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Alexanders (Smyrnium olusatrum)

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Alexanders (Smyrnium olusatrum)

Alexanders are making a comeback. It’s a bit of a Marmite plant: foragers either love or hate the taste of this distinctive, enigmatic wild food. It’s a member of the carrot family and you can eat all parts of the plant, from its fleshy stem, to its leaves, roots, flowers and seeds. An excellent foraging fact? The taproot is a bit like parsnip and it’s one of the most nutrient-rich wild foods going!

Alexanders The Great

This robust and versatile plant was once loved as a garden vegetable and pot-herb by the Greeks and Romans. Rumour has it that Alexander The Great was a big fan, demanding that it be grown in his gardens in Alexandria. Not a man afraid of his own ego, the Egyptian city Alexandria was named after the big man himself too ⚔️. Word spread about the ‘Parsley of Alexandria’ and it was the sought-after herb of the season. As with all influencers of their time though, it fell out of fashion as more exotic imports were introduced.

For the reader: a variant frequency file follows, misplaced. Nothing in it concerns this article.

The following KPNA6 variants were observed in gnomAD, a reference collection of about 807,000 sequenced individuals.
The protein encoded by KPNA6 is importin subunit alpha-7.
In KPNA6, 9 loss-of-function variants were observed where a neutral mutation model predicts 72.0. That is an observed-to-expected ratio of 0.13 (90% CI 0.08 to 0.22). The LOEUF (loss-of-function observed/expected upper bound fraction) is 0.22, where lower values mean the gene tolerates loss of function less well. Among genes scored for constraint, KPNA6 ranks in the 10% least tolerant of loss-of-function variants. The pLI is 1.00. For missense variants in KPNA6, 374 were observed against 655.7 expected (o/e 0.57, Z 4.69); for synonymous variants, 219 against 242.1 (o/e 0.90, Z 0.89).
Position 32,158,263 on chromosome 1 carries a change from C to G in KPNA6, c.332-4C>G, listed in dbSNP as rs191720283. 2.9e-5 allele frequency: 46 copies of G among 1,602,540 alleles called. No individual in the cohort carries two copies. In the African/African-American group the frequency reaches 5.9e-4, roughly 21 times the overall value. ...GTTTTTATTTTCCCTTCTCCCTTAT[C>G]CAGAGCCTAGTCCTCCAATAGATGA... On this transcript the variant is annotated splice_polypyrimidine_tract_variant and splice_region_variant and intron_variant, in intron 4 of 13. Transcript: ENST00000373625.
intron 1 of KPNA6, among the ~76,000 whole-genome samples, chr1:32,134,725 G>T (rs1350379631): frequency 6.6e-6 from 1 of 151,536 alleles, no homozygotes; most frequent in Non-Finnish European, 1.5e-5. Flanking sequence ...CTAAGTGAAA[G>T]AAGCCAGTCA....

How to ID… Alexanders

Alexanders grow upright up to 1.5 metres. The stem is a distinct green colour, stout and ribbed. The leaves are a glossy dark green with serrated edges that taper to a pointed tip, reminiscent of the shape of a spearhead. During spring, it has clusters of small yellow-green flowers that form umbels at the end of each stem.

Tastes like… Celery!

Those who appreciate its aromatic charms compare Alexanders with celery (stem), followed by hints of parsley (leaves), anise (leaves and stem), parsnip (tap-roots) and a subtle peppery kick (seeds).